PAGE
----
CNN's Carol Costello is quite cozy with striking fast food workers who want the minimum wage at $15 an hour, but she is openly hostile with restaurant and retail executives. On Friday, Costello repeatedly badgered a retail executive over why Walmart wouldn't raise wages for D.C. employees even though some other businesses wouldn't have to.
Sounding like a broken record, Costello didn't offer many reasons why Walmart should have agreed with the D.C. city council to pay its workers 150 percent the current minimum wage, other than that Walmart is profitable: "Walmart's going to make a whole bunch of money by doing this, that's why it's moving into the D.C. area. So why not share the profits with others?"
On the one-year anniversary of the Benghazi attacks, only three CNN shows bothered to hold the Obama administration accountable for not having made any arrests of suspects. Hosts Jake Tapper and Erin Burnett, and anchor Michael Holmes were the three CNN figures to point at the administration for not having made any arrests.
For the rest of CNN's 18-hour news day, any mentions of Benghazi ignored the lack of arrests and were mostly brief reports on Wednesday's bombing of the Foreign Ministry building in the city and reminders that it was the one-year anniversary of the attacks. Piers Morgan Live made no mention whatsoever of Benghazi.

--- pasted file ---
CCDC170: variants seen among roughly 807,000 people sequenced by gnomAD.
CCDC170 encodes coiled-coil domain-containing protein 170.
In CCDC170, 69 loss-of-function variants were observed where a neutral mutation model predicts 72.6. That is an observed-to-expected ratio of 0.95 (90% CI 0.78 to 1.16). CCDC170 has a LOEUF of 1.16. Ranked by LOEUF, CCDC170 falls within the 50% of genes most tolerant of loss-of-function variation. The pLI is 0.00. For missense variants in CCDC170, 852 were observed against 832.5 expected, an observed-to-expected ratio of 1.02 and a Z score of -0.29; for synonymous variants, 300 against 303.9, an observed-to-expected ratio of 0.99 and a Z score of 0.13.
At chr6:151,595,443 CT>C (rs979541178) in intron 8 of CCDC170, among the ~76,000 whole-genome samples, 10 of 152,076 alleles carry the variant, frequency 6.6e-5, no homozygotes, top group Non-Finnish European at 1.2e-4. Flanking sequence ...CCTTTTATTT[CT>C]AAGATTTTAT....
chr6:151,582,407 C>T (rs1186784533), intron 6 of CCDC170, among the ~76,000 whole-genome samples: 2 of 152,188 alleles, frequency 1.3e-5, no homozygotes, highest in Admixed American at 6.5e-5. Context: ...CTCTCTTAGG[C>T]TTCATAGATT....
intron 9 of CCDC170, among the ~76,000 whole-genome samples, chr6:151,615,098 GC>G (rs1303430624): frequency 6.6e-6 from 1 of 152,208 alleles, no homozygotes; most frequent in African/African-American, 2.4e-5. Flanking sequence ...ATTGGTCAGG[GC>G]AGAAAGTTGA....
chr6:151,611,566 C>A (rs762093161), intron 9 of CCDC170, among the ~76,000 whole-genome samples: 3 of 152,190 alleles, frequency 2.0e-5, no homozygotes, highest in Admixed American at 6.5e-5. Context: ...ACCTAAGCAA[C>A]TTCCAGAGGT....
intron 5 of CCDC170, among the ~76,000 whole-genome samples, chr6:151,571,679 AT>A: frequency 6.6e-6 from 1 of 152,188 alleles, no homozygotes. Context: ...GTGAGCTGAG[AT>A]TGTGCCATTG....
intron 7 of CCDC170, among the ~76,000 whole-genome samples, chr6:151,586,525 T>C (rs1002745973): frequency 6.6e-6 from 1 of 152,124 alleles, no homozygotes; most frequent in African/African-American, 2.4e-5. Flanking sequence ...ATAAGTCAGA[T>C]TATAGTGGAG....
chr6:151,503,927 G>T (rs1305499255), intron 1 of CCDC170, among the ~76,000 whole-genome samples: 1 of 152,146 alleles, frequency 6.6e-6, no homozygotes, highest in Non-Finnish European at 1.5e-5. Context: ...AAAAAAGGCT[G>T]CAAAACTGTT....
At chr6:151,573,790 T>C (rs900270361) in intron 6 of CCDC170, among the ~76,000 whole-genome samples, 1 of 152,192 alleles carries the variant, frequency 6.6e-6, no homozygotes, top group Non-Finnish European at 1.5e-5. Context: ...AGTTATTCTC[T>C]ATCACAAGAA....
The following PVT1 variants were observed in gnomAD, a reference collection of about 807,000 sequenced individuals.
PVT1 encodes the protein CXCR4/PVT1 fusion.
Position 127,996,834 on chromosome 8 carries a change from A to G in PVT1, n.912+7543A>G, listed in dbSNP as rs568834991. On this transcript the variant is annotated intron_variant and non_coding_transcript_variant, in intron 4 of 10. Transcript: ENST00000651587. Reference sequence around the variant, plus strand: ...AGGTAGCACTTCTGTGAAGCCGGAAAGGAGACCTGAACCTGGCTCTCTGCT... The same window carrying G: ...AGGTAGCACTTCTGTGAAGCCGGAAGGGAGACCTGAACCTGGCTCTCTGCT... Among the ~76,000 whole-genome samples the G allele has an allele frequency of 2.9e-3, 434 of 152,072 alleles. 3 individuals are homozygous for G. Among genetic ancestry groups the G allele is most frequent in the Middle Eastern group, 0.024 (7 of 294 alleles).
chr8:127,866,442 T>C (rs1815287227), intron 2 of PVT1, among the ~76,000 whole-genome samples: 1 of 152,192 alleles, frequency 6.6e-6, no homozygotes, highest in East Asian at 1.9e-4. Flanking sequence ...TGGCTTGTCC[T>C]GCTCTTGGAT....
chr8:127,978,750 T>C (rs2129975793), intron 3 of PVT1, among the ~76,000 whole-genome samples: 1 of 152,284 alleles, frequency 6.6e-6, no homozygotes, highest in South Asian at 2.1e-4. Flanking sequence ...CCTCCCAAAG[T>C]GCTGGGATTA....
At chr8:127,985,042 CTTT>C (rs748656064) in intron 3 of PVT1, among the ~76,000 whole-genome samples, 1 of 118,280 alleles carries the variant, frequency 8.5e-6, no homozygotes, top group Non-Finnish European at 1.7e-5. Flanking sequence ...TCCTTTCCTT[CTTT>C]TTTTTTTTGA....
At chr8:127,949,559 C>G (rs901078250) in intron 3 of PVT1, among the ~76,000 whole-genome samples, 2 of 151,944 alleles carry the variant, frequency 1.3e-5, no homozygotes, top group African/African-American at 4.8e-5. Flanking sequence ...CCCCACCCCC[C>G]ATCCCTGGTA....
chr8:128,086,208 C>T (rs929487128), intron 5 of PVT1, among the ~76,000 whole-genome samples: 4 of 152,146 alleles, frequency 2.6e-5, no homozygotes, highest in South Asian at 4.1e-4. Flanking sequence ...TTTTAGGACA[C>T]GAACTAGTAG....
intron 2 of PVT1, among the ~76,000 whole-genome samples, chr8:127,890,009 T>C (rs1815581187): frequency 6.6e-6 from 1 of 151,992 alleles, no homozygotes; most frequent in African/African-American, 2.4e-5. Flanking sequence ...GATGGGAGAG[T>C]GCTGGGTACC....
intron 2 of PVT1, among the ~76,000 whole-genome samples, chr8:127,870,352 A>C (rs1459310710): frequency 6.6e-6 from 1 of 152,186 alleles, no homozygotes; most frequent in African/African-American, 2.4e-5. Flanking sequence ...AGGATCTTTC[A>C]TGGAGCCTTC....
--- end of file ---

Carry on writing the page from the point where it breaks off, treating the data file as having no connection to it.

CNN has done a generally good job of covering the Syrian crisis over the past couple of days, with many of its analysts and anchors casting a skeptical eye on President Obama’s proposed military strike. On Wednesday morning’s CNN Newsroom, chief political analyst Gloria Borger called out the president for his ridiculous assertions that his red line is really the world’s red line and his own credibility is not currently on the line.
After anchor Wolf Blitzer had played a clip from Obama’s press conference in Sweden earlier that day, Borger noted that the president was trying to shift the onus off of himself. He claimed that the “red line” he mentioned a year ago was actually the world’s red line, and that it was not his credibility on the line, but that of the international community (as well as the U.S. and Congress). Borger tore into the president: [Video below. MP3 audio here.]